Orientation of Patient: Depending on the injury and type of MRI scanner, patients lay face up or down on a suspended bed. In a cardiac MRI, patients are typically placed in a supine manner. The patient feels nothing during the scan but may feel somewhat claustrophobic due to the limited amount of space. The patient must also lie still since movements may distort the images produced.
Length of Scan: MRI scanning is a long process requiring a patient to lie still anywhere from half an hour to an hour and a half.
1941 - Yevgeni K. Zavoisky discovers the electron spin resonance phenomenon. However, his attempts to detect and measure magnetic resonance fail.
1946 - Felix Bloch and Edward Purcell work independently and create the first instruments that could perform magnetic resonance imaging with bulk material.
1970 - Raymond Damadian demonstrates that the time taken by a proton to release energy differs between abnormal and normal tissues. In other words, the relaxation period, or the time it takes a proton to release its energy, would determine the normality of the tissues being studied.
1973 - Up until this point, the image produced lacks spatial information. The image is only one dimensional. Paul Lauterbur discovers a new imaging technique that was able to produce two-dimensional images. He coins his technique Zeugmatography.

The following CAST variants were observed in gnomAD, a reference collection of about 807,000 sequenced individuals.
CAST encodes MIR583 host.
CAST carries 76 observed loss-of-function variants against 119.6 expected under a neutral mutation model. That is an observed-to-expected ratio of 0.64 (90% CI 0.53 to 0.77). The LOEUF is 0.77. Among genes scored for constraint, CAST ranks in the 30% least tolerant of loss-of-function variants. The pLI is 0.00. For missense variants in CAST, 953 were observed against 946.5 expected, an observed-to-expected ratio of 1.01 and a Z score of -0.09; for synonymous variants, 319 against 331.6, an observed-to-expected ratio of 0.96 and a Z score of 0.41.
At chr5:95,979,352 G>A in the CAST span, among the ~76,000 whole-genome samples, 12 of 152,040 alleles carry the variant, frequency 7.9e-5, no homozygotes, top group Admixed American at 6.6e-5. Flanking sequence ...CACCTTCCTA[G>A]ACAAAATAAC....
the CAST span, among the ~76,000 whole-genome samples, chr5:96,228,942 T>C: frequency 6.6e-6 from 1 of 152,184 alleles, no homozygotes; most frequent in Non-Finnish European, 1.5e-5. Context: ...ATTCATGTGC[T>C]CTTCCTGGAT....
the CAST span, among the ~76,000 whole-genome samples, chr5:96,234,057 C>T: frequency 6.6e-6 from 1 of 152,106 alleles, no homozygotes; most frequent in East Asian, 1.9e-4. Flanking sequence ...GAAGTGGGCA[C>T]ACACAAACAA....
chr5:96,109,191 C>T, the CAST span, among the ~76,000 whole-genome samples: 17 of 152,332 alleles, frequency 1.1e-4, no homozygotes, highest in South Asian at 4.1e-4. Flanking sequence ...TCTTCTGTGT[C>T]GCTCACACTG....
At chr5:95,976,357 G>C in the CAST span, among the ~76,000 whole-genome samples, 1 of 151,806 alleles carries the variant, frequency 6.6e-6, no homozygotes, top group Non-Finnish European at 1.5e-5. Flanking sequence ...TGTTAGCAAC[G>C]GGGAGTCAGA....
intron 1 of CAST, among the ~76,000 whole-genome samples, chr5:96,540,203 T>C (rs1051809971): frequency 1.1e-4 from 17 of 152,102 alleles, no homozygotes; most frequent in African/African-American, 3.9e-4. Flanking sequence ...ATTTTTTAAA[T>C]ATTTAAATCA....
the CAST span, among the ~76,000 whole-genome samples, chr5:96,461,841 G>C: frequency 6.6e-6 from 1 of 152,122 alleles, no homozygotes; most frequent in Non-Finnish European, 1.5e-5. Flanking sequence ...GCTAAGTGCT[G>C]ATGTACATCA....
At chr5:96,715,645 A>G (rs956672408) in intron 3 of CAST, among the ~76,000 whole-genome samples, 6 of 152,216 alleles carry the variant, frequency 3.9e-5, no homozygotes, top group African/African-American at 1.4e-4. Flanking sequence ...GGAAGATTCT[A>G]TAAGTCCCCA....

1975 - Unlike Lauterbur’s technique, Richard Ernst discovers a new technique that is the basis of today’s magnetic resonance imaging scanners. Richard Ernst also used the Fourier transformation.
1977 - The first MRI images are presented. Peter Mansfield and Andrew Maudsley show a cross section through a finger. Also during this year Raymond Damadian founds the FONAR corporation that manufactures MRI scanners and receives FDA approval in 1981.
Pathologies Detected by EKG
The MRI scanner, though a non-invasive procedure, can accurately detect defective tissues of the heart. The MRI can diagnose heart attacks, inflammations, and regurgitations. The MRI scanner is typically used for diagnosing the following pathologies.
Aortic Dissection - MRI detects the location of the tear and where treatment needs to be directed.
Aortic Aneurysm – MRI images a wider vessel, a telling irregularity.
Congenital Heart Disease – MRI is typically used for diagnosing congenital heart disease.
Aortic Regurgitation - MRI gives a good picture of this problem.
Atherosclerosis – MRI can provide a non-invasive procedure for detection of atherosclerosis by an analysis of the tissue.
Cardiomyopathy – MRI can provide visualization of the cardiac chambers.
Valvular abnormalities- MRI can detect the irregularity of the valve movements
Pericarditis - MRI detects a thickening of the pericardial lining.
Since the main component is a magnet, people with pacemakers must not be near such a machine. In addition, these machines are incredibly noisy: Patients and operators must use earplugs to muffle the loud noise. Scannng can take up to half an hour in a small cylindrical tube and claustrophobic people cannot tolerate the wait. The procedure is expensive.